THE FIVE BOROUGHS: 2010 has been busy all right. For anyone involved in New York City’s expansive business of music – producer, publisher, entrepreneur, engineer, artist, and many more – the environment remains fast-paced, ultra-competitive and constantly changing.
With 2011 looming, SonicScoop looked for the news, trends and topics that stood out to us over the past 365 days.
In audio post, it was grow or die in the uppermost echelon. The biggest facilities, including hsr|ny, Nutmeg, and Sound Lounge made serious expansions into audio and/or video:
Large and mid-sized recording/tracking/mixing studios kept making capital improvements and expanding:
Advanced smaller studios – independent and within larger facilities — and producer rooms also opened up at a peppy pace:
Avid capped off a furious year of reinvention and new products with the release of Pro Tools 9.
Music houses and composers still had a ton of TV, film and video game work to go after and win:
Production music and synch licensing remained a solid business, especially for those who got in at the right time or had a smart approach.
One of NYC’s most controversial music business plays, peer-to-peer file sharing network Limewire, appeared to be finally finished.
Tracking, mixing and mastering at NYC’s established facilities did a relatively healthy volume of A-level and independent work throughout the year:
New software and hardware happiness abounded:
NYC suffered losses when beloved people and places left us:
NYC-based producers, mixers, engineers and artists became businesses in their own right:
Producer Chris Coady worked on some hugely acclaimed records this year, including Beach House Teen Dream and Delorean Subiza, as well as records with Hooray for Earth, Zola Jesus, Smith Westerns, Cold Cave.
The studio scene got a lot more socialicious and FUN:
What big stories would you include? And what do you see next in 2011? Don’t be shy – leave a comment and let us know!
– Janice Brown and David Weiss
JERSEY CITY: In 1979, a Brooklyn teenager and avid record collector named John Agnello landed an internship at one of Manhattan’s most prominent music studios. Thanks to some hard work and genuine affability it wasn’t long before he found himself assisting on major releases from contemporary heavyweights like Aerosmith, Cyndi Lauper and Twisted Sister.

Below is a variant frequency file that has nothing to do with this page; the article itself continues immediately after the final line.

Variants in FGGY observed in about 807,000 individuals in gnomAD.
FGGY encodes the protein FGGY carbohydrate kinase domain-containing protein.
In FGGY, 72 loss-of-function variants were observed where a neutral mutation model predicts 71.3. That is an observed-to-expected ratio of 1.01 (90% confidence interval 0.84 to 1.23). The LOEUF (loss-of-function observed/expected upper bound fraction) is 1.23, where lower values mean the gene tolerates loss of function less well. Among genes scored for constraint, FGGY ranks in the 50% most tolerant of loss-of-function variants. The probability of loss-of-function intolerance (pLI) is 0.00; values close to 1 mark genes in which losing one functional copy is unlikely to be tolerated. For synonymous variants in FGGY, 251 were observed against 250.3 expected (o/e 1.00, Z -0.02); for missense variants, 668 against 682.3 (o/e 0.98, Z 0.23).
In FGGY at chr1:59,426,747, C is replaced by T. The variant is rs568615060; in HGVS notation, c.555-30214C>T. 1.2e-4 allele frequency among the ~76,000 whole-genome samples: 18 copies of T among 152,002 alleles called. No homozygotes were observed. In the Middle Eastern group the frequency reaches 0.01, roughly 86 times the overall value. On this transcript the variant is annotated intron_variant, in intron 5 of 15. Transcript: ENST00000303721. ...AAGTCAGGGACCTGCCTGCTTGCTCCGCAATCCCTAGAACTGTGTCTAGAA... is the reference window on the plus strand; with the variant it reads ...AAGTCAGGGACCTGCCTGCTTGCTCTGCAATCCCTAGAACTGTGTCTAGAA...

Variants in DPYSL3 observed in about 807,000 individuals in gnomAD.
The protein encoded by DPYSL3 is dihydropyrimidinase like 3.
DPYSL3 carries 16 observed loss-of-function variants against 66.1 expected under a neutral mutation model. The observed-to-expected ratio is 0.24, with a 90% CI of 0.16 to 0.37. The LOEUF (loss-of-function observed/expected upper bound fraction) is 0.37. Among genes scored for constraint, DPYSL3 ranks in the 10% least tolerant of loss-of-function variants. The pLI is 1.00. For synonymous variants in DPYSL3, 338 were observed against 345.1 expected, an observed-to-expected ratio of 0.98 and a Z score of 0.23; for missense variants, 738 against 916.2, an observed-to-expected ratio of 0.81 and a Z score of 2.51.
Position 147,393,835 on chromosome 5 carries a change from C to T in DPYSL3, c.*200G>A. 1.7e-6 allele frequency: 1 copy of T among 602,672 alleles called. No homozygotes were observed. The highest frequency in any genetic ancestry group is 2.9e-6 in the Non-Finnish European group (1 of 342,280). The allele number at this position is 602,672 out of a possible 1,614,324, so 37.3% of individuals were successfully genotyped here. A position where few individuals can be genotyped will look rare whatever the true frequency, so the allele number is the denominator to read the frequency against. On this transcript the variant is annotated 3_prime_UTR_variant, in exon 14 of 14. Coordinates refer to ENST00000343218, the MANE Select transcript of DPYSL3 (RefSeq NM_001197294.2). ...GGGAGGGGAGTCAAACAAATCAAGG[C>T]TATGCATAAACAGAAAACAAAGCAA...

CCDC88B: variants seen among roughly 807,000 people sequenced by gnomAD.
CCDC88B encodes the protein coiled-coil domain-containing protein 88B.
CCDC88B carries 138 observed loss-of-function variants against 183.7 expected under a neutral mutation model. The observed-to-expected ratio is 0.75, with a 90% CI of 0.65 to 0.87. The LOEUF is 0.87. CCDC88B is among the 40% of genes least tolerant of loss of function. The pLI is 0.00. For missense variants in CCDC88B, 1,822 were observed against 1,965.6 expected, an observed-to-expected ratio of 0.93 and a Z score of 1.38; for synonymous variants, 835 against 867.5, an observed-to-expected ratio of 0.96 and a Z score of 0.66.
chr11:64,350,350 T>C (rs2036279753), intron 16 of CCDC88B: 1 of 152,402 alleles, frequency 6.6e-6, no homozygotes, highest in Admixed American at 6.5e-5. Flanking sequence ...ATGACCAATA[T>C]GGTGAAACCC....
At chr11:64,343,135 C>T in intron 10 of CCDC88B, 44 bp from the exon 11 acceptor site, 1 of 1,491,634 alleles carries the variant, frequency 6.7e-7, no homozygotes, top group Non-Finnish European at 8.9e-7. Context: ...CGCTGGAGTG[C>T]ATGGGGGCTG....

It’s an unexpected beginning for a Producer most known for his involvement with classic Indie Rock darlings, many of whose records still pepper the favorites lists of young fans. Success on early releases with Dinosaur Jr, Screaming Trees and Buffalo Tom made way for work with The Breeders, Sonic Youth, The Hold Steady and Nada Surf.
Looking through your early discography, we see you listed as an assistant on some pretty mainstream releases. It’s interesting to see your credit list take a left turn in the early 90s toward more bold and unique artists, branded back then as “Alternative Rock.” It looks like you’ve never turned back. I’d like you to take us through that journey a little. How did you get your start?
I started assisting at the Record Plant in ’82, and started engineering in ’84. I was engineering for a long time, all through the 80s and into the early 90s. It took a while to really get considered to produce records. And with good reason! (laughs) I wasn’t really a “Producer” at first.
What changed? Were there any seminal records that acted as a turning point for you?
The first Dinosaur Jr. record was a really great experience. I was credited as an engineer, and I wouldn’t say I was a “producer” on those records. But I definitely helped J. [Mascis] get to a different sonic level. When we worked on together, Dinosaur Jr. records started to sound like classic records, not just gnarly discs with great songs covered in “Ka-Kssshhhhh” (makes sound effect of gnarly midrangey goodness). Once those records were doing really well and A&R guys noticed what I was starting to contribute to the process, things began to change.